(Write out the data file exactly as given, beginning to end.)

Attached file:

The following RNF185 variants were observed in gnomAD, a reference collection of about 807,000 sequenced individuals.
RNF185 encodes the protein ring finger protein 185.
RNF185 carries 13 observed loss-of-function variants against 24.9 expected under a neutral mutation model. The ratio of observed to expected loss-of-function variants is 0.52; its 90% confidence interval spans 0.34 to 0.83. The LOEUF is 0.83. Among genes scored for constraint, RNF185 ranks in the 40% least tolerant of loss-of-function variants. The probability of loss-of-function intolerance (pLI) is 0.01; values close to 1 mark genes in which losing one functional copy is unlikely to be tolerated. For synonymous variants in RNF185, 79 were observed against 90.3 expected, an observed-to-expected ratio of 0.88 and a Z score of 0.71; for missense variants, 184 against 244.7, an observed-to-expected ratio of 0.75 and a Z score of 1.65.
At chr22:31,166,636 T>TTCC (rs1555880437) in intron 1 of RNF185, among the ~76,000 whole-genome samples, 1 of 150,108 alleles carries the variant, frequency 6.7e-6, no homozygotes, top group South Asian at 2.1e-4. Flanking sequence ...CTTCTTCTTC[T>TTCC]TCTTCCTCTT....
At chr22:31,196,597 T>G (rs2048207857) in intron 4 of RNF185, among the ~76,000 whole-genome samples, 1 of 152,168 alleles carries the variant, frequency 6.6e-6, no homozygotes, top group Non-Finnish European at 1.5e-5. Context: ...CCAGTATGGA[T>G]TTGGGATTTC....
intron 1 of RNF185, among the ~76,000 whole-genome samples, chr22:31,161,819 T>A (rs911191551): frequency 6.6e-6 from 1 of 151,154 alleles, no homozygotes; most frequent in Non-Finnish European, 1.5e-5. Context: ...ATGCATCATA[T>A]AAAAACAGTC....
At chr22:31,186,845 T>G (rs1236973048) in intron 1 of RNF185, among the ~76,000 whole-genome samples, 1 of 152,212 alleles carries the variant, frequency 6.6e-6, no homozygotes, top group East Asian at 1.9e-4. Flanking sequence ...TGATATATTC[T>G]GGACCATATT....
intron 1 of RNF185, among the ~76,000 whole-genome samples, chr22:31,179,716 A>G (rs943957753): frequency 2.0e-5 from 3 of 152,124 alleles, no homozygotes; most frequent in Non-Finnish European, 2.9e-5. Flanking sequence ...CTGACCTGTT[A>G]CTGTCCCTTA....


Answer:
The following RNF185 variants were observed in gnomAD, a reference collection of about 807,000 sequenced individuals.
RNF185 encodes the protein ring finger protein 185.
RNF185 carries 13 observed loss-of-function variants against 24.9 expected under a neutral mutation model. The ratio of observed to expected loss-of-function variants is 0.52; its 90% confidence interval spans 0.34 to 0.83. The LOEUF is 0.83. Among genes scored for constraint, RNF185 ranks in the 40% least tolerant of loss-of-function variants. The probability of loss-of-function intolerance (pLI) is 0.01; values close to 1 mark genes in which losing one functional copy is unlikely to be tolerated. For synonymous variants in RNF185, 79 were observed against 90.3 expected, an observed-to-expected ratio of 0.88 and a Z score of 0.71; for missense variants, 184 against 244.7, an observed-to-expected ratio of 0.75 and a Z score of 1.65.
At chr22:31,166,636 T>TTCC (rs1555880437) in intron 1 of RNF185, among the ~76,000 whole-genome samples, 1 of 150,108 alleles carries the variant, frequency 6.7e-6, no homozygotes, top group South Asian at 2.1e-4. Flanking sequence ...CTTCTTCTTC[T>TTCC]TCTTCCTCTT....
At chr22:31,196,597 T>G (rs2048207857) in intron 4 of RNF185, among the ~76,000 whole-genome samples, 1 of 152,168 alleles carries the variant, frequency 6.6e-6, no homozygotes, top group Non-Finnish European at 1.5e-5. Context: ...CCAGTATGGA[T>G]TTGGGATTTC....
intron 1 of RNF185, among the ~76,000 whole-genome samples, chr22:31,161,819 T>A (rs911191551): frequency 6.6e-6 from 1 of 151,154 alleles, no homozygotes; most frequent in Non-Finnish European, 1.5e-5. Context: ...ATGCATCATA[T>A]AAAAACAGTC....
At chr22:31,186,845 T>G (rs1236973048) in intron 1 of RNF185, among the ~76,000 whole-genome samples, 1 of 152,212 alleles carries the variant, frequency 6.6e-6, no homozygotes, top group East Asian at 1.9e-4. Flanking sequence ...TGATATATTC[T>G]GGACCATATT....
intron 1 of RNF185, among the ~76,000 whole-genome samples, chr22:31,179,716 A>G (rs943957753): frequency 2.0e-5 from 3 of 152,124 alleles, no homozygotes; most frequent in Non-Finnish European, 2.9e-5. Flanking sequence ...CTGACCTGTT[A>G]CTGTCCCTTA....